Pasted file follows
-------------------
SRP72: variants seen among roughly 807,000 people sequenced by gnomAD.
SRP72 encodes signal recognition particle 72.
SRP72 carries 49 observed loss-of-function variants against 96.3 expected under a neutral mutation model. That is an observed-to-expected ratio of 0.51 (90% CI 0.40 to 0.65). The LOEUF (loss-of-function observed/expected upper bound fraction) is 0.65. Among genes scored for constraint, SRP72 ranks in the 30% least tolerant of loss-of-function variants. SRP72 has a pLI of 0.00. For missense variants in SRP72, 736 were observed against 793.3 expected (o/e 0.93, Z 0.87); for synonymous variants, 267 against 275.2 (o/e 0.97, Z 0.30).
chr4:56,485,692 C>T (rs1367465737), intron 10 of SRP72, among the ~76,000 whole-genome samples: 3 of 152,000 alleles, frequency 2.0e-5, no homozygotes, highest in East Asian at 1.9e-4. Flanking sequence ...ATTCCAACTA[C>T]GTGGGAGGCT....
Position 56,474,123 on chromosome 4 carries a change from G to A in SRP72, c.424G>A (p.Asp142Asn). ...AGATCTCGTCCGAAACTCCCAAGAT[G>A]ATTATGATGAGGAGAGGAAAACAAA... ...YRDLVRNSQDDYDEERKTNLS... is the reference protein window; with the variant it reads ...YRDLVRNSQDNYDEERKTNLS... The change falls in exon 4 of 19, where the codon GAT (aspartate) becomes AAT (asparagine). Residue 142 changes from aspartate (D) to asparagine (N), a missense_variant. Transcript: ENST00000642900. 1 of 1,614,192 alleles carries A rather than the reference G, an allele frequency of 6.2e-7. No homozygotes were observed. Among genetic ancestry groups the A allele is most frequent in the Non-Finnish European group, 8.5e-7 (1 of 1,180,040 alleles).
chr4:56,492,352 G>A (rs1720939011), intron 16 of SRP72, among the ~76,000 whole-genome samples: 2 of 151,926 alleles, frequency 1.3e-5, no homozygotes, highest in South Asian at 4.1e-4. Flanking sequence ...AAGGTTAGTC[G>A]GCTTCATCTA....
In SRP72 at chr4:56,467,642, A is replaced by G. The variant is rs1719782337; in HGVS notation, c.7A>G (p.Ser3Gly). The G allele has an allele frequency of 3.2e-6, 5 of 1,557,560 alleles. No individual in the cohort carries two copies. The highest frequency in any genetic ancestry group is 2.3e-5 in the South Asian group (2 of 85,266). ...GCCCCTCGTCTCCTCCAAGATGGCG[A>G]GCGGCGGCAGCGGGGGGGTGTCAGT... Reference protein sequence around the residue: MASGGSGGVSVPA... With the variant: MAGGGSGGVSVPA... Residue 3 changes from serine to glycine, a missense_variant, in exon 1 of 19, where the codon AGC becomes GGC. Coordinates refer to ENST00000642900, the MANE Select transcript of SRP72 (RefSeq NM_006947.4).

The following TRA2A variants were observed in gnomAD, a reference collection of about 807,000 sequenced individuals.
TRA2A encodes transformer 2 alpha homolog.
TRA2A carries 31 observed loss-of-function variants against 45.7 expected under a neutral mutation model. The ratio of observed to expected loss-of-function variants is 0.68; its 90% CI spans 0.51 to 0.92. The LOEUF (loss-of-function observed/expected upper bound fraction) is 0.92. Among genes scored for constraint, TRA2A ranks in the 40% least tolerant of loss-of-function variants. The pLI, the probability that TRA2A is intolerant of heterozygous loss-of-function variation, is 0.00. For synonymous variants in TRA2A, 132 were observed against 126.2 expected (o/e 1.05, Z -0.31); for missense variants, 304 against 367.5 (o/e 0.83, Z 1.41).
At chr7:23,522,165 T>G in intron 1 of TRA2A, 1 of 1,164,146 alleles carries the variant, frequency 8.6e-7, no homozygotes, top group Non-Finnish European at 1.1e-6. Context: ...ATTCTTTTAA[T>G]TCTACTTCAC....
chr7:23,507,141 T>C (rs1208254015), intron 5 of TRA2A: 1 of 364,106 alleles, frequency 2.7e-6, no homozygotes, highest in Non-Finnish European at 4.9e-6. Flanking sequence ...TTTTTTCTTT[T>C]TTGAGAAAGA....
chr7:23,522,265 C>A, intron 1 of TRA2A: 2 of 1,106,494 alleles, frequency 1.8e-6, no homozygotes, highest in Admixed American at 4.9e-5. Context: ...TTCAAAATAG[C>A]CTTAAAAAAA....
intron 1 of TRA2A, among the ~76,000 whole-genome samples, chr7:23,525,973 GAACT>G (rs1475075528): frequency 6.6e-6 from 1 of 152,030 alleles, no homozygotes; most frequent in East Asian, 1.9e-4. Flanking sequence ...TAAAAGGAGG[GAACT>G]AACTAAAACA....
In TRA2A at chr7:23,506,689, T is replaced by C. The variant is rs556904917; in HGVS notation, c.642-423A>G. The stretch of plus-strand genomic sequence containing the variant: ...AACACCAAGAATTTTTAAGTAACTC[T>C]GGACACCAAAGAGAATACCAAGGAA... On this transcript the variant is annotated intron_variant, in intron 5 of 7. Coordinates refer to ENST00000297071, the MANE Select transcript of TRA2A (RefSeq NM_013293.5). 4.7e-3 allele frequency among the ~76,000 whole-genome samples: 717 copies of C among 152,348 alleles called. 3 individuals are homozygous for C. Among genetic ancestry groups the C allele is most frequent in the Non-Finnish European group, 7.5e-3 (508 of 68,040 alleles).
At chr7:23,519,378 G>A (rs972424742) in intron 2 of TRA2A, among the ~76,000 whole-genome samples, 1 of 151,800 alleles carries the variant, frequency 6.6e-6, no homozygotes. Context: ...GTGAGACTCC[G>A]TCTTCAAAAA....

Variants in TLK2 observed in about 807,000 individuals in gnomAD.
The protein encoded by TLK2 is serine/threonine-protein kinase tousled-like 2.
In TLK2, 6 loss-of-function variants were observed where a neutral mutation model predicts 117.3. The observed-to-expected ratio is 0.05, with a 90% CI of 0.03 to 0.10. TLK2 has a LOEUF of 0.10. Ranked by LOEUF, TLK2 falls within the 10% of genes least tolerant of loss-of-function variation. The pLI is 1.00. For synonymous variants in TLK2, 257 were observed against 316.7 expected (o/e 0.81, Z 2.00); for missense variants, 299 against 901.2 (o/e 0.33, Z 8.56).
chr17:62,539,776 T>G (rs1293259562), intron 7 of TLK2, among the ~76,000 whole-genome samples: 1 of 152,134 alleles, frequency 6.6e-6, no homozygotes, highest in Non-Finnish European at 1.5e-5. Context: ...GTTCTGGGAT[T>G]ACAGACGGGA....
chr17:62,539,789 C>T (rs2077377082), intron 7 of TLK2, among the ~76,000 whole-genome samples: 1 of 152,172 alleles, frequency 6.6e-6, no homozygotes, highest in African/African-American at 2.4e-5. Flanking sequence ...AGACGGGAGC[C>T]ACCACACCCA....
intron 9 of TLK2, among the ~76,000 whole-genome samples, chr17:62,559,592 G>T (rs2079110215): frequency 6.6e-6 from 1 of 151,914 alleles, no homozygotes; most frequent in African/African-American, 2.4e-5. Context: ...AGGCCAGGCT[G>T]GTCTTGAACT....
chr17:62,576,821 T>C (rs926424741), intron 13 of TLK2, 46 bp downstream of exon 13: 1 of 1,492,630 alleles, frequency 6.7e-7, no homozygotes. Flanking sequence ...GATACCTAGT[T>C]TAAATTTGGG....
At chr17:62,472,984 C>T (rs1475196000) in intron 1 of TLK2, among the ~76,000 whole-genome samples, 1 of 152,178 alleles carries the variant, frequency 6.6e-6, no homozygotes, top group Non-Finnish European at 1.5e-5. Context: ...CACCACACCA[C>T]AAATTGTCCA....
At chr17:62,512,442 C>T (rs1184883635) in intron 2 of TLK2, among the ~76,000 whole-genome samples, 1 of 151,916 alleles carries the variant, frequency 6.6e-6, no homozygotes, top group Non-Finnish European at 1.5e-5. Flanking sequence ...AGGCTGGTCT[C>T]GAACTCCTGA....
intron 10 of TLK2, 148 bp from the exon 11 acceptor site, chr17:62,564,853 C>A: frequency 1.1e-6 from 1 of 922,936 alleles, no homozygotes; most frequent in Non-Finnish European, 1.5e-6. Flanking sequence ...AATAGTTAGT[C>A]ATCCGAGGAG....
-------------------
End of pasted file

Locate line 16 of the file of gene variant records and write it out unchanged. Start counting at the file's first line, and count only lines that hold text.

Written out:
At chr7:23,519,378 G>A (rs972424742) in intron 2 of TRA2A, among the ~76,000 whole-genome samples, 1 of 151,800 alleles carries the variant, frequency 6.6e-6, no homozygotes. Context: ...GTGAGACTCC[G>A]TCTTCAAAAA....